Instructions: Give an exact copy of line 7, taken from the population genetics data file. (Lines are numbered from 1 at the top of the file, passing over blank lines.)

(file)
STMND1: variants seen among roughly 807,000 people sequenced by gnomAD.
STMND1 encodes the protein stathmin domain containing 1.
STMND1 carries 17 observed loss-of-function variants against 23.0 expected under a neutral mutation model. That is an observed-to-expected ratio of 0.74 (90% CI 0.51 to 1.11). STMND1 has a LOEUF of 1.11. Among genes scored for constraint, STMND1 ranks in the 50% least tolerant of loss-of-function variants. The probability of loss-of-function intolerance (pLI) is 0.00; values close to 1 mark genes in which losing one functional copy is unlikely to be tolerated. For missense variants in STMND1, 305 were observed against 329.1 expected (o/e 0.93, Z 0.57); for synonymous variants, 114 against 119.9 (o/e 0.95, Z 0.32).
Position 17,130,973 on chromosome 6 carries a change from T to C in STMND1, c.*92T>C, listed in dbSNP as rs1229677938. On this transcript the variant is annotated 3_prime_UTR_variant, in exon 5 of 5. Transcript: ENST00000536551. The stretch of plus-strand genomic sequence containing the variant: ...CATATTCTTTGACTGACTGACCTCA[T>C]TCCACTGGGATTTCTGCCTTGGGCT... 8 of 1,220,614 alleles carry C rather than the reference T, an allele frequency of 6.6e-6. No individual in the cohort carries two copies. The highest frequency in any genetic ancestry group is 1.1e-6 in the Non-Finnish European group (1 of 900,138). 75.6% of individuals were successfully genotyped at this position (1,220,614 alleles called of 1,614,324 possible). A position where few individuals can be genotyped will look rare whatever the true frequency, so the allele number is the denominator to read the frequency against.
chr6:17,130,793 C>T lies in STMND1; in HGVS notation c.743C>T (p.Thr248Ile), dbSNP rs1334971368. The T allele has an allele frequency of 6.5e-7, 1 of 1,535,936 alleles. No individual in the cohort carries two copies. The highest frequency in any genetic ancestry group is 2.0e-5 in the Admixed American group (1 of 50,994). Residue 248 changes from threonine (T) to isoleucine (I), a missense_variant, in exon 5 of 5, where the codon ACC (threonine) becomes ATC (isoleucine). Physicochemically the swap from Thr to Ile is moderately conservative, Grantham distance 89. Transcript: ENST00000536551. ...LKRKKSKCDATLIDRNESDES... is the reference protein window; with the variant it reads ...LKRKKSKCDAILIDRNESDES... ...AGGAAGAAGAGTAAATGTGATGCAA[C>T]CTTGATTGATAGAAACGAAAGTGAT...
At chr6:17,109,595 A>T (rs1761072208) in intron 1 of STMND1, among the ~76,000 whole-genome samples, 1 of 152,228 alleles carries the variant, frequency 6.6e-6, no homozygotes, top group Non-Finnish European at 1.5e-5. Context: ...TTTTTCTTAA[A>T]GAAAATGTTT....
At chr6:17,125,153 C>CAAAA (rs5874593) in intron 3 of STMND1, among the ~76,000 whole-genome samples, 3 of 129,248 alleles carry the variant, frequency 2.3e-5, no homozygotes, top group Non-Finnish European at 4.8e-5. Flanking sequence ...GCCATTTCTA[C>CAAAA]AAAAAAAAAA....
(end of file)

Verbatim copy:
At chr6:17,125,153 C>CAAAA (rs5874593) in intron 3 of STMND1, among the ~76,000 whole-genome samples, 3 of 129,248 alleles carry the variant, frequency 2.3e-5, no homozygotes, top group Non-Finnish European at 4.8e-5. Flanking sequence ...GCCATTTCTA[C>CAAAA]AAAAAAAAAA....